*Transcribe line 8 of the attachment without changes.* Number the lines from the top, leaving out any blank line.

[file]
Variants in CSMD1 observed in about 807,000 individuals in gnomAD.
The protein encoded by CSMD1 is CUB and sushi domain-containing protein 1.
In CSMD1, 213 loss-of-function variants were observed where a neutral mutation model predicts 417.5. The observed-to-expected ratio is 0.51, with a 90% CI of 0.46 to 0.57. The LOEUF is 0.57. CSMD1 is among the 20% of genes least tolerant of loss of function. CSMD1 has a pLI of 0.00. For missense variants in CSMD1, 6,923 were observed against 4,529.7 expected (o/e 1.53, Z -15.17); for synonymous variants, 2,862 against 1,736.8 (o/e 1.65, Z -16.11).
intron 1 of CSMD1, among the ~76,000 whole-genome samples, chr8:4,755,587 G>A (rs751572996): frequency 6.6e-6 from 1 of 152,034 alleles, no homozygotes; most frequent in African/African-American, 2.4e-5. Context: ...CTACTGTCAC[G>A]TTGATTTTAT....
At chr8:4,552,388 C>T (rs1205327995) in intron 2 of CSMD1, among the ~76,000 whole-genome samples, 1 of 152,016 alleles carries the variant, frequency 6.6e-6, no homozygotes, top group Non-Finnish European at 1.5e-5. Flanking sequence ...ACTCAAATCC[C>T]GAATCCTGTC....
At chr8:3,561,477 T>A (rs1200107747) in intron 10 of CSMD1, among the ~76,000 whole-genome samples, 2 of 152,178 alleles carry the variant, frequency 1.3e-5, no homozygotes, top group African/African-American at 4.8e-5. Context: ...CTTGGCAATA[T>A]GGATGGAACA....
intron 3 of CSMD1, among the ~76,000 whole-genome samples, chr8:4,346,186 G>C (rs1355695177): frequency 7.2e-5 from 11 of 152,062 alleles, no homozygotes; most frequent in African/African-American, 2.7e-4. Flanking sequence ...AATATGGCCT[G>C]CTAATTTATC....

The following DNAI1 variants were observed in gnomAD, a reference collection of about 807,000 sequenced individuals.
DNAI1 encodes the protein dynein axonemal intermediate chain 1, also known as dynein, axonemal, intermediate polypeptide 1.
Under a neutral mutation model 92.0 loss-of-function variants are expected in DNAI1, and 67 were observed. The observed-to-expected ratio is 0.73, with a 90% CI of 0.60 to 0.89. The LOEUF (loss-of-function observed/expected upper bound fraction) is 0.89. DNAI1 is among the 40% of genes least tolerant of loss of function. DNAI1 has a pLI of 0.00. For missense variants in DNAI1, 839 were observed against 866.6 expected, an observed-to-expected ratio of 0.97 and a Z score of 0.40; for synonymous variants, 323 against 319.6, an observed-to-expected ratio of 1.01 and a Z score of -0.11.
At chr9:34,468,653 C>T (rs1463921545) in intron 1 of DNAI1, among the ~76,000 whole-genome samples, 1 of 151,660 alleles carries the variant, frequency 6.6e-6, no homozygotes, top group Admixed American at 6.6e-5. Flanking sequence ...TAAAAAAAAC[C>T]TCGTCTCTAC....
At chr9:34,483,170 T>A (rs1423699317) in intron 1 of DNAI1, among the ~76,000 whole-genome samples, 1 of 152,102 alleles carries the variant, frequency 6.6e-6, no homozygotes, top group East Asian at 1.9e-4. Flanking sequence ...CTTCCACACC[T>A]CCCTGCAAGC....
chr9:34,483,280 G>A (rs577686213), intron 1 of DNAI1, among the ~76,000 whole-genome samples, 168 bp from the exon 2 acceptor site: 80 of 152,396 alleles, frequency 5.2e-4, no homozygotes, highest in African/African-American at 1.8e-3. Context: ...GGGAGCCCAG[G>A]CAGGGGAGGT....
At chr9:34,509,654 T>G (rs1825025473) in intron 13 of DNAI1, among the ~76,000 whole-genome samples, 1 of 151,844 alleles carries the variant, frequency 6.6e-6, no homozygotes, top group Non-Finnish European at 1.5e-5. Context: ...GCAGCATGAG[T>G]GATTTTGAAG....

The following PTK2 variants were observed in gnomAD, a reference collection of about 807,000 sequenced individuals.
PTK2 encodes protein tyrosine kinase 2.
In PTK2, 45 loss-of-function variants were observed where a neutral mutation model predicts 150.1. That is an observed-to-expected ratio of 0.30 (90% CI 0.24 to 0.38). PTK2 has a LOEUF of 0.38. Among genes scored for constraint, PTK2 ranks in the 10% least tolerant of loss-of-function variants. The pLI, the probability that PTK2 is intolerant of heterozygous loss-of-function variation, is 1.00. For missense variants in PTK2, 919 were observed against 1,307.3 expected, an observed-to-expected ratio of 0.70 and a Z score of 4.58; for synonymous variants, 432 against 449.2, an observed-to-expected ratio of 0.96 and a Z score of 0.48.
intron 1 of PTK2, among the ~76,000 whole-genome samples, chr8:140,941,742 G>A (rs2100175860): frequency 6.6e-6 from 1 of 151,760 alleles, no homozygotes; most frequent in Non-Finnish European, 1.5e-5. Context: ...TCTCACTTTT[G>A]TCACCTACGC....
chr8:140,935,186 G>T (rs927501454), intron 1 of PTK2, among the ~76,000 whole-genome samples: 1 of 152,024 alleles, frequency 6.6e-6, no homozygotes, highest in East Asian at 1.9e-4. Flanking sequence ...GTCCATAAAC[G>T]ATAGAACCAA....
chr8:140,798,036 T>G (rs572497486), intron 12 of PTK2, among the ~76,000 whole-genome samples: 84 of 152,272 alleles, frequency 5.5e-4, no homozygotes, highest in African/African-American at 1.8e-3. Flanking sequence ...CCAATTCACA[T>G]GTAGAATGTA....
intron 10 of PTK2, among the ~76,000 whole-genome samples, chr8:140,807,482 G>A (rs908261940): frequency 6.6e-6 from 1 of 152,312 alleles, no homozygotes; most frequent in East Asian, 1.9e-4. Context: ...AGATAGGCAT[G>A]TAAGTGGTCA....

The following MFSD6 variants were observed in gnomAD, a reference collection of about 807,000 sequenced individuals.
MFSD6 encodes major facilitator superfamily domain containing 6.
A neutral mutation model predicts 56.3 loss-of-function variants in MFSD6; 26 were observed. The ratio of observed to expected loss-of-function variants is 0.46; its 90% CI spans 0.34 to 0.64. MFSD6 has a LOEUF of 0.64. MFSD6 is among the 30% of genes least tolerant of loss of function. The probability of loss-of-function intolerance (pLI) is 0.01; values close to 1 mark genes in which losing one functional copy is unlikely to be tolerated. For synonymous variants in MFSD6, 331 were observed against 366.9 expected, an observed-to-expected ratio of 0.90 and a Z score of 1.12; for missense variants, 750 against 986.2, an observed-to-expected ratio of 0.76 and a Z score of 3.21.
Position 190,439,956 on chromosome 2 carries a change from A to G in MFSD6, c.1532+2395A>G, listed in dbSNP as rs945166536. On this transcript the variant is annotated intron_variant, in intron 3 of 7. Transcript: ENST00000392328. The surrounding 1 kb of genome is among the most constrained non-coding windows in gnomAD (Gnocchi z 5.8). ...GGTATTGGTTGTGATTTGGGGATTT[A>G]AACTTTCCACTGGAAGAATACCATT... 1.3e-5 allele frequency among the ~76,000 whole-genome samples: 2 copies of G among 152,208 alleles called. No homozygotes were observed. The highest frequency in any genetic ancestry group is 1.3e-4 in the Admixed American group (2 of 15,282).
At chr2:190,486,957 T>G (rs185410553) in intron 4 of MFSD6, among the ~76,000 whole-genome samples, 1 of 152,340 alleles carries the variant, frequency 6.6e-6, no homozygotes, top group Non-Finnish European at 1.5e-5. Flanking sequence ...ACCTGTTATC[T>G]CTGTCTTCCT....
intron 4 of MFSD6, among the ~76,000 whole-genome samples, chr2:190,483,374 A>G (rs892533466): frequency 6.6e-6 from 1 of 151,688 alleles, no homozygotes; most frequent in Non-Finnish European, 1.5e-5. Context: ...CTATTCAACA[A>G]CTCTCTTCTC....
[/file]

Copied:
The following DNAI1 variants were observed in gnomAD, a reference collection of about 807,000 sequenced individuals.